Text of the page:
The Great Pompion Search!

So, my adventures in making historic receipts was put on hold for an unusually busy week, including a 4 year old's birthday and a bout of the flu going through the house.  Luckily both did not happen on the same day. 

But I'm VERY excited because this month's theme will be of that noble squash, the GREAT POMPION! (Or the great pumpkin if you are confused by the reference.) And, as you can see above, there are a multitude of varieties currently on my kitchen counter, which my husband will be very surprised to see when he gets home this evening.

Even with the busy week I've been doing some historical research on pompion receipts that were popular pre-19th century.  Back when there was a HUGE variety of squashes, each with their own particular taste, texture, and ability to keep during the winter months. 

So, in an endeavor to cover as many pompion receipts as possible this month, myself and my son went on the great pompion search at several farm stands and CSA stands this morning in hopes to find a great variety.  It was an arduous task, but we pressed on being fortified by iced coffee, apple cider donuts and gold fish crackers.  And, in the end, we prevailed!  A vast variety (most being advertised as "Decorative Goards") was available to us, and I tried to get as many different ones as I could.  A few I recognize as heritage breeds (like the Hubbard, the Boston Marrow, and the Delicate) as well as some every fall favorites (note the Acorn Squash and Sugar Pumpkin).  There are a few that really might just be for decoration, and if so I'll use them as such, but I thought they looked interesting and will do more research into what they are.  There are two more I'm currently still on the look out for, but I think that this is certainly enough to start.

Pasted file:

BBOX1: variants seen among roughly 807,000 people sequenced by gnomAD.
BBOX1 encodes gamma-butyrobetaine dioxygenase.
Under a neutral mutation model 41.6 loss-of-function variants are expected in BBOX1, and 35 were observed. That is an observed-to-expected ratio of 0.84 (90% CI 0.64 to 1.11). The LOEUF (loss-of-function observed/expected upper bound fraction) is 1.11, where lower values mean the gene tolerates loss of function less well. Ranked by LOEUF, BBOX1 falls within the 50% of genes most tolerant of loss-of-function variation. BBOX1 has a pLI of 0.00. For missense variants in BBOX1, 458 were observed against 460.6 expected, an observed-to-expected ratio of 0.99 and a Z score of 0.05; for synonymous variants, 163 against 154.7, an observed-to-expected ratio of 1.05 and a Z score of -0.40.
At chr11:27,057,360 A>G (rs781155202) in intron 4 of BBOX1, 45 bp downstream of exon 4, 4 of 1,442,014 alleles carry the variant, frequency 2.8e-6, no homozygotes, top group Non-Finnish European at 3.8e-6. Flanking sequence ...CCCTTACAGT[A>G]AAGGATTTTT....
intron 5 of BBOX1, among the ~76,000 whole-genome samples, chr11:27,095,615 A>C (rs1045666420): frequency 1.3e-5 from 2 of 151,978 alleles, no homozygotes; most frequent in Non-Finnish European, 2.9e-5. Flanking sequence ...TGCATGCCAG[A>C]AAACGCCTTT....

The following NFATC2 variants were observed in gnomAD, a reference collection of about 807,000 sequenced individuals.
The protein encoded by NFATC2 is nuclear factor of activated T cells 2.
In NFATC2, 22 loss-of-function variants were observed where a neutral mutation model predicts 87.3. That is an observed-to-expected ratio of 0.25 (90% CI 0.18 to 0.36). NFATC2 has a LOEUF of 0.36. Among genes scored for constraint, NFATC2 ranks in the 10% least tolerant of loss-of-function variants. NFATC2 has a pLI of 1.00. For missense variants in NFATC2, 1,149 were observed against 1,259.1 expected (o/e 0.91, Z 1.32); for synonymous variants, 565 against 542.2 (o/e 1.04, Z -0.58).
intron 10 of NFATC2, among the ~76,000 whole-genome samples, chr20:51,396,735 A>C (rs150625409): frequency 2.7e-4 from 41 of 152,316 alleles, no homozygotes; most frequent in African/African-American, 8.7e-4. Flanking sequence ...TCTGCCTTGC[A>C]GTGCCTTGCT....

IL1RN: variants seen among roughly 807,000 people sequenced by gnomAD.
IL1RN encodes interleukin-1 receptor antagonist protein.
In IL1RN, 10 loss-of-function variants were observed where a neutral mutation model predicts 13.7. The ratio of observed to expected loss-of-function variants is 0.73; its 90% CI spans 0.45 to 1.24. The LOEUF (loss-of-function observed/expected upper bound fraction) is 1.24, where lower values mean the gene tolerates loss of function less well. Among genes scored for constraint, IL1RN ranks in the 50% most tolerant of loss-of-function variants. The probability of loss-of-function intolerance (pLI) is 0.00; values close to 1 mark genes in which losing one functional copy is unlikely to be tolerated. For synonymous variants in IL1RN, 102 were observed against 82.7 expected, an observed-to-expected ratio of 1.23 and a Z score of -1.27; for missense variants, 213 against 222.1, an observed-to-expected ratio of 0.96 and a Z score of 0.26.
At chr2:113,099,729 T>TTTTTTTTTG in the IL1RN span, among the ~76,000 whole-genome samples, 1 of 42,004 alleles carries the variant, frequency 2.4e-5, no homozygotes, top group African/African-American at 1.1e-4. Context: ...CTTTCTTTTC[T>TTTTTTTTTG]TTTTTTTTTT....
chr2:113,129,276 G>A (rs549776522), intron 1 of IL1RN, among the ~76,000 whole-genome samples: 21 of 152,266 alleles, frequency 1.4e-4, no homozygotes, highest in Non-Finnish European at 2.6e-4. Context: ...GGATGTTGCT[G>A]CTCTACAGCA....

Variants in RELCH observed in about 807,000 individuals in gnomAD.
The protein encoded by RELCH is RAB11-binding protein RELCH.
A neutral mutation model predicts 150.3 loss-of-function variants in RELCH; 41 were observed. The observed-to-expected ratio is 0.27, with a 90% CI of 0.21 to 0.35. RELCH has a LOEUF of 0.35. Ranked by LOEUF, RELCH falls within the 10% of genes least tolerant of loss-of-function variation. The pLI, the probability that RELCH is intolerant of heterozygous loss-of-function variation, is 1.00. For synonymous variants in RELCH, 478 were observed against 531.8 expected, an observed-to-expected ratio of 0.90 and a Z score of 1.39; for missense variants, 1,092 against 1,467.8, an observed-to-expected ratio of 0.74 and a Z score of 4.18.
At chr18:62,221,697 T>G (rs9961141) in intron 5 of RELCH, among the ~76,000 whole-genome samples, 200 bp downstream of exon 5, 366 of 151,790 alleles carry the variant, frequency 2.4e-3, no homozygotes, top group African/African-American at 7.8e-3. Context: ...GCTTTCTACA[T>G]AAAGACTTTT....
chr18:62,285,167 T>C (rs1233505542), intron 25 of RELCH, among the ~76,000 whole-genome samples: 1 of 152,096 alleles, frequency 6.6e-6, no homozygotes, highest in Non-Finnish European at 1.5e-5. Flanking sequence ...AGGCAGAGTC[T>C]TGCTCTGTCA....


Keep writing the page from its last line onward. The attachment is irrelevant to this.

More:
So, I hope you all are ready for a pompion banaza!  I hope my family is!

PS.  On our journey to farm stands near and nearer, we came upon some cranberry harvesting.  Always a fall favorite in the area we live in.  It's small, but the machine in the center is pushing the floating cranberries into a huge net.  To the right (out of shot) is a big truck where the cranberries were being loaded.  My son got a big kick out of it!   


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